We will tell the next generation the praiseworthy deeds of the Lord, his power, and the wonders he has done. Psalm 78:4
The next generation consists of two groups: one is the millennials whose age range is around 23 to 38. Those aren’t hard and fast ages by the way, but just a general bracket. The other group is called Gen Z – those under 22.
While they have many similarities with millennials, they have some notable differences which are the topic of this post.
Gen Z are generally more frugal, more anxious, more private and secretive, more restless, more digitally savvy, more nurtured, more entrepreneurial and finally, more inclusive than millennials.
They are more frugal. They are savers, not spenders. Gen Z has seen mistakes of the millennials when it comes to financing their college educations. As a result, most are much more likely to be wary of college debt. That’s a good thing.
Gen Z are more secretive and private according to a report by the Global Web Index. They often use the vanishing message of Snapchat – more so than prior generations. They are more individualistic and independent, with the majority often preferring to learn alone and be alone than prior generations.
They have seen the benefits and detriments of social media and its impact on the millennials. Millennials fell prey to cyberbullies, stalkers – even to employers who searched their posts on Instagram or Facebook before interviews. Gen Z is weary of “social sniping” and Facebook is now “old news”.
They are more anxious prior generations. Anxiety is commonplace and almost the “norm”. This generation suffers “from more mental health problems than any other generation in U.S. history”, according to Tim Elmore. Elmore continues: “Both secondary schools and colleges report an insufficient number of counselors available to serve students seeking help on campus.”
They are more restless. Developing their identity to the realities around them has caused them to be more fluid. Many derive their identity from social media which only exacerbates the roller coaster ride. While their options for life are so wide and can be explored like never before, it is an arduous process for them when they are dealing with a shifting and volatile self-image.
They are more digitally savvy. No surprise that they spend the equivalent of a full-time job on their devices (9 hours). The downside: According to the National Institute of Health study, kids who spend more than 7 hours a day digitally are more likely to experience premature thinning of the cortex. That’s the part of the brain that processes thought and action. They often multitask on five screens versus two for millennials. Ouch!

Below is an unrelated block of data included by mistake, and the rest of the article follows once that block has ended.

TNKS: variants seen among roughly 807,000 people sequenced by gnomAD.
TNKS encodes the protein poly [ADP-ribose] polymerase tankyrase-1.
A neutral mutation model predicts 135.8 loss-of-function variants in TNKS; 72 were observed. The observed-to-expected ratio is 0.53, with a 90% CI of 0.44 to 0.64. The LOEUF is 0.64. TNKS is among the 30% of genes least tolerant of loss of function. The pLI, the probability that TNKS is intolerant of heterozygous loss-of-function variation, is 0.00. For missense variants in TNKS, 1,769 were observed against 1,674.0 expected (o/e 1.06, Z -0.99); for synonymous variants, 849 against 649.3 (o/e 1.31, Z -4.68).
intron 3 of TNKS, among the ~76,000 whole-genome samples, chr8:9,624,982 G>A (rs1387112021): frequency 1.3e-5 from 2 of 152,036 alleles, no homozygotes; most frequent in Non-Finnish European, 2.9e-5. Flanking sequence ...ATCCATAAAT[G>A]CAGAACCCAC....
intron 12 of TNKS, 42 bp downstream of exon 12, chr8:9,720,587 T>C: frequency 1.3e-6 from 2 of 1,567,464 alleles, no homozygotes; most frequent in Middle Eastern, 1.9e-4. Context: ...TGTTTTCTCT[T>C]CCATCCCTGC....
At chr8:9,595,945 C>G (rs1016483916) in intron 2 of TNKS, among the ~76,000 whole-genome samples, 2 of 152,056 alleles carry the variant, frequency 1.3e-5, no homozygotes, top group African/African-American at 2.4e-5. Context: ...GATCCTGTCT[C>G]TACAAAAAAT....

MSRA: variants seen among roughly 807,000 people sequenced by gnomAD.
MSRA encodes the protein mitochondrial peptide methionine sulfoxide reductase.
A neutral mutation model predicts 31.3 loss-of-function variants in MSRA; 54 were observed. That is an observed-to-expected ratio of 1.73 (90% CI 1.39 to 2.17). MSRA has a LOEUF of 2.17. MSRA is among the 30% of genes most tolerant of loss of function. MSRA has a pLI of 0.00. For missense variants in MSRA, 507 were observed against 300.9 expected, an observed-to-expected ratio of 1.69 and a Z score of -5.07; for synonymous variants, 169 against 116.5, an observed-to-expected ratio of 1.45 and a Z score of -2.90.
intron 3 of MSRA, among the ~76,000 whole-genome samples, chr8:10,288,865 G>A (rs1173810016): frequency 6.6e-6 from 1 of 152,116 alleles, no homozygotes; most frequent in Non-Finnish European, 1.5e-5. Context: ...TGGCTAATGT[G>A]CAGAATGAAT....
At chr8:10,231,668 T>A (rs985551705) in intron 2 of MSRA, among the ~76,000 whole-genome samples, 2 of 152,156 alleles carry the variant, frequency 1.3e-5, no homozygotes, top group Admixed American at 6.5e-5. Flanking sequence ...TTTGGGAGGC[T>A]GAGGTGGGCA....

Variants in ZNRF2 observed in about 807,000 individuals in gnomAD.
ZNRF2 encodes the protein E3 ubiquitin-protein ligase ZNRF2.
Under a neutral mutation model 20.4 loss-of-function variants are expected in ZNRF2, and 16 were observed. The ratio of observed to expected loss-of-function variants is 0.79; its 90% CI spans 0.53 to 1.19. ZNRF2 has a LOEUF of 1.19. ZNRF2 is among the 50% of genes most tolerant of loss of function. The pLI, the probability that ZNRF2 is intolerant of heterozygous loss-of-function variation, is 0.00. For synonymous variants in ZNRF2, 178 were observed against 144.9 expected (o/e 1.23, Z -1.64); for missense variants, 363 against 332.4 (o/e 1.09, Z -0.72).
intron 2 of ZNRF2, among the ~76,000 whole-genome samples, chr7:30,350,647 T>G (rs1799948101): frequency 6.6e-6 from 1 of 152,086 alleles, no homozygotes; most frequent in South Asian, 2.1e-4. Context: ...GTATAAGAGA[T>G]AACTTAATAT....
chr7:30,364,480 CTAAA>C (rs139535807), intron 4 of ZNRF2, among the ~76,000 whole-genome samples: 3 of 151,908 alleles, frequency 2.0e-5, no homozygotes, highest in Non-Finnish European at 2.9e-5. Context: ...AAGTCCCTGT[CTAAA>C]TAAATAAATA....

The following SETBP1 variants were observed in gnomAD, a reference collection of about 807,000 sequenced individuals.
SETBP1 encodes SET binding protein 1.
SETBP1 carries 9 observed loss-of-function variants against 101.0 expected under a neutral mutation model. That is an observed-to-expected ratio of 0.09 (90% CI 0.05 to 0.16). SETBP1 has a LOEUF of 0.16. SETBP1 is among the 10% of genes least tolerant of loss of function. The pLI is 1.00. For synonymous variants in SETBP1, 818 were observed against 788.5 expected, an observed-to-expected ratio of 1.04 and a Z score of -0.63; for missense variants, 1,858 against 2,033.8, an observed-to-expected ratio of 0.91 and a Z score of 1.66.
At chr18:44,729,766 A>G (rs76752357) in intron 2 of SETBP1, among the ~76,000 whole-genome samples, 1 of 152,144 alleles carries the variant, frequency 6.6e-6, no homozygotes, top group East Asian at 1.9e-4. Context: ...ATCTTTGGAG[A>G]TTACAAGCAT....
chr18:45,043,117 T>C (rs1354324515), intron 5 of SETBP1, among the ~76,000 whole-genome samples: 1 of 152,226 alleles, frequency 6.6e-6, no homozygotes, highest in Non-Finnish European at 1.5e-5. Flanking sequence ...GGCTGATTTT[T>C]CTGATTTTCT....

They are more nurtured. In fairness, this is not entirely their fault, but the fault of the helicopter parents who try to put their kids in bubble wrap to keep them safe and develop their self-esteem. Protecting a child from all adversity robs them of the experiences they will need as adults.
Adversity and some level of stress is one of the best predictors of high life satisfaction according to Kelly McGonigal, a Stanford University psychologist, in her book “The Upside of Stress.” She suggests that “embracing and adapting to stress can provide important opportunities for personal growth.”
They are more entrepreneurial. Studies show that Gen Z are more likely to volunteer their time (nearly 1 in 3), and 72% of high schoolers want to start a business. They want to be “no-collar” workers, not just white collar or blue collar, which is probably a result of two recessions in this century.
While they may be more confident in their willingness to strike out on their own, they have to balance that confidence with the fact that they are risk averse.
They are more inclusive than any prior generation. Gen Z is more willing to be accepting of people regardless of race, sexual orientation, backgrounds or gender. While global warming is the hot issue for millennials, equality – racial and gender – is the top issue for Gen Z.
As a result, they are most connected to the LGBTQ community because of their innate individualism. Their individualism also makes them more interested in leadership than millennials according to 2017 survey. They will be leaders, not followers in years to come.
These are complex characteristics, and the challenge is to take these traits and mold them into the next generation of leaders. They will have a large impact on the world, but they still need guidance and direction.
MENTOR TAKEAWAY: A mentor can help Gen Z navigate their goals through the muddy waters of today’s culture.
FURTHER RESEARCH: Trends of Gen Z – Global Web Index
Seven Characteristics that Distinguish Generation Z – Growing Leaders
Gen Z Unfiltered – an excellent book for parents and mentors by Tim Elmore.
The Upside of Stress –Kelly McGonigal
WORSHIP: Listen to We Fall Down by Chris Tomlin.
MentorLink: For more information about MentorLink, go to www.mentorlink.org.
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